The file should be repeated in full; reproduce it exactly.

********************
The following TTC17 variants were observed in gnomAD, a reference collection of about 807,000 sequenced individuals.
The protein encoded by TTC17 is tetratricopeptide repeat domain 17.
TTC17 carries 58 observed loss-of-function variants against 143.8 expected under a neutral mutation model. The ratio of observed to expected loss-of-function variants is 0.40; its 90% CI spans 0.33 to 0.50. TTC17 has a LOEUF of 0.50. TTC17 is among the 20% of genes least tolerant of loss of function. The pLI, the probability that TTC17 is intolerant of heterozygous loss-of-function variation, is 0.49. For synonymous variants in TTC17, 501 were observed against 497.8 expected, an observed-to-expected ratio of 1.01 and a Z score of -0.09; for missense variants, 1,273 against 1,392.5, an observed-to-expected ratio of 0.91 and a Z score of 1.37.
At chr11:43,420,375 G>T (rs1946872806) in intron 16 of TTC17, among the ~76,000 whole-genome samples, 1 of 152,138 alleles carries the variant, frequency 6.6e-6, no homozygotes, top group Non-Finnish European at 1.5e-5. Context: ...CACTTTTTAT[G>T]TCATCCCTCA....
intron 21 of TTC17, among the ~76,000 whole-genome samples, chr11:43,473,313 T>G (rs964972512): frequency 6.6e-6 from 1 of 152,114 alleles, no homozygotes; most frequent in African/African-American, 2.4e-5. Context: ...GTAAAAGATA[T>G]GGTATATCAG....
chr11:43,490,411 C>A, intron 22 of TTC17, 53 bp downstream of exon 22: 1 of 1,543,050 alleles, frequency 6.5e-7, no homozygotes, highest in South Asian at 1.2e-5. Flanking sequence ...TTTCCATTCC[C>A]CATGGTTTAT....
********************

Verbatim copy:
The following TTC17 variants were observed in gnomAD, a reference collection of about 807,000 sequenced individuals.
The protein encoded by TTC17 is tetratricopeptide repeat domain 17.
TTC17 carries 58 observed loss-of-function variants against 143.8 expected under a neutral mutation model. The ratio of observed to expected loss-of-function variants is 0.40; its 90% CI spans 0.33 to 0.50. TTC17 has a LOEUF of 0.50. TTC17 is among the 20% of genes least tolerant of loss of function. The pLI, the probability that TTC17 is intolerant of heterozygous loss-of-function variation, is 0.49. For synonymous variants in TTC17, 501 were observed against 497.8 expected, an observed-to-expected ratio of 1.01 and a Z score of -0.09; for missense variants, 1,273 against 1,392.5, an observed-to-expected ratio of 0.91 and a Z score of 1.37.
At chr11:43,420,375 G>T (rs1946872806) in intron 16 of TTC17, among the ~76,000 whole-genome samples, 1 of 152,138 alleles carries the variant, frequency 6.6e-6, no homozygotes, top group Non-Finnish European at 1.5e-5. Context: ...CACTTTTTAT[G>T]TCATCCCTCA....
intron 21 of TTC17, among the ~76,000 whole-genome samples, chr11:43,473,313 T>G (rs964972512): frequency 6.6e-6 from 1 of 152,114 alleles, no homozygotes; most frequent in African/African-American, 2.4e-5. Context: ...GTAAAAGATA[T>G]GGTATATCAG....
chr11:43,490,411 C>A, intron 22 of TTC17, 53 bp downstream of exon 22: 1 of 1,543,050 alleles, frequency 6.5e-7, no homozygotes, highest in South Asian at 1.2e-5. Flanking sequence ...TTTCCATTCC[C>A]CATGGTTTAT....